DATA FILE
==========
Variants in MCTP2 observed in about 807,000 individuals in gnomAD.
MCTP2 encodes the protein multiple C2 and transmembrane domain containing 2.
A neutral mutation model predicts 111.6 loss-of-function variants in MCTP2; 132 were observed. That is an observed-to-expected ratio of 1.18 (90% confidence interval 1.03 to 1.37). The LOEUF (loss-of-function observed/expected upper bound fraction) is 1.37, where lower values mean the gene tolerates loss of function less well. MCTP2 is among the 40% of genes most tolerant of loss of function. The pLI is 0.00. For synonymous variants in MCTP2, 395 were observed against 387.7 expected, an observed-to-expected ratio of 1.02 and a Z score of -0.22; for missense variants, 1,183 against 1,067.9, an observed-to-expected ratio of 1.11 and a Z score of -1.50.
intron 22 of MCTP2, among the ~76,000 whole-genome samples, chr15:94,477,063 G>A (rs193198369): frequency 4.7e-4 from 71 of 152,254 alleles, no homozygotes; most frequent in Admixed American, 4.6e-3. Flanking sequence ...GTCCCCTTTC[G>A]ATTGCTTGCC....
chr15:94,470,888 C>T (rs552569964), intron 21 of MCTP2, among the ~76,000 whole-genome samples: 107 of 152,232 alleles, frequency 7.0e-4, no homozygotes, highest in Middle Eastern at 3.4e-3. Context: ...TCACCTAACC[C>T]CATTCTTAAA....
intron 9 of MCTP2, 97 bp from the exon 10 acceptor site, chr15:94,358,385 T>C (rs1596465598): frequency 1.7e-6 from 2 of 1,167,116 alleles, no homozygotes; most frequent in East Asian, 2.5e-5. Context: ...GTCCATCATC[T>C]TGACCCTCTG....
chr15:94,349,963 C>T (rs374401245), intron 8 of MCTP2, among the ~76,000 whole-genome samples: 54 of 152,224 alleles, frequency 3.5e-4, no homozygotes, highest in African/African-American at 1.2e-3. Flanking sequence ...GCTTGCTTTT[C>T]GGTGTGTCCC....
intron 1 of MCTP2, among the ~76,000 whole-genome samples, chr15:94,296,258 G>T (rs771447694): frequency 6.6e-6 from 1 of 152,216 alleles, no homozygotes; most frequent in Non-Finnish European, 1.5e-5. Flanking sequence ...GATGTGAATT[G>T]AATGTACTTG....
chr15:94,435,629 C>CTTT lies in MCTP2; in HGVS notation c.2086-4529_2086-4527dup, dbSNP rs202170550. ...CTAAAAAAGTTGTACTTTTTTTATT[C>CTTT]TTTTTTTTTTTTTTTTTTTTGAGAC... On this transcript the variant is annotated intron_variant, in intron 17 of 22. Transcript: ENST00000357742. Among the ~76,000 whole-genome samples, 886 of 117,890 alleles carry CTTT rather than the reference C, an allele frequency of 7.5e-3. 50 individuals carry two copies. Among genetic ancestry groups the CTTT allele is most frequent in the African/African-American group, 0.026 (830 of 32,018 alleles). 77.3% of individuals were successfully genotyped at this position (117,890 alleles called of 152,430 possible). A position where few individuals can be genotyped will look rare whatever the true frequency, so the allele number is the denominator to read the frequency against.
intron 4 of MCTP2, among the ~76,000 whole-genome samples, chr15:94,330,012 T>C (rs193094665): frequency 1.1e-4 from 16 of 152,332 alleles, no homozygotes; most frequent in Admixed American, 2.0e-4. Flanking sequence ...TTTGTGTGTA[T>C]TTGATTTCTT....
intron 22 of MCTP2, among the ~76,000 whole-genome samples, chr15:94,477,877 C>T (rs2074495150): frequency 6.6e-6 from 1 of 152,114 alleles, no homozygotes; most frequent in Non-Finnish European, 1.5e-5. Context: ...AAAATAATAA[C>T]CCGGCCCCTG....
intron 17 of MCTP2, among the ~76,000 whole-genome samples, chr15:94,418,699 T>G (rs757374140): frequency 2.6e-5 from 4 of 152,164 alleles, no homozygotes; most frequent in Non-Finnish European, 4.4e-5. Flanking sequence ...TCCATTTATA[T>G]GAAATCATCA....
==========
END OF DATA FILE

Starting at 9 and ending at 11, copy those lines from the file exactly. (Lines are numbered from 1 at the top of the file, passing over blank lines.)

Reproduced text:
chr15:94,435,629 C>CTTT lies in MCTP2; in HGVS notation c.2086-4529_2086-4527dup, dbSNP rs202170550. ...CTAAAAAAGTTGTACTTTTTTTATT[C>CTTT]TTTTTTTTTTTTTTTTTTTTGAGAC... On this transcript the variant is annotated intron_variant, in intron 17 of 22. Transcript: ENST00000357742. Among the ~76,000 whole-genome samples, 886 of 117,890 alleles carry CTTT rather than the reference C, an allele frequency of 7.5e-3. 50 individuals carry two copies. Among genetic ancestry groups the CTTT allele is most frequent in the African/African-American group, 0.026 (830 of 32,018 alleles). 77.3% of individuals were successfully genotyped at this position (117,890 alleles called of 152,430 possible). A position where few individuals can be genotyped will look rare whatever the true frequency, so the allele number is the denominator to read the frequency against.
intron 4 of MCTP2, among the ~76,000 whole-genome samples, chr15:94,330,012 T>C (rs193094665): frequency 1.1e-4 from 16 of 152,332 alleles, no homozygotes; most frequent in Admixed American, 2.0e-4. Flanking sequence ...TTTGTGTGTA[T>C]TTGATTTCTT....
intron 22 of MCTP2, among the ~76,000 whole-genome samples, chr15:94,477,877 C>T (rs2074495150): frequency 6.6e-6 from 1 of 152,114 alleles, no homozygotes; most frequent in Non-Finnish European, 1.5e-5. Context: ...AAAATAATAA[C>T]CCGGCCCCTG....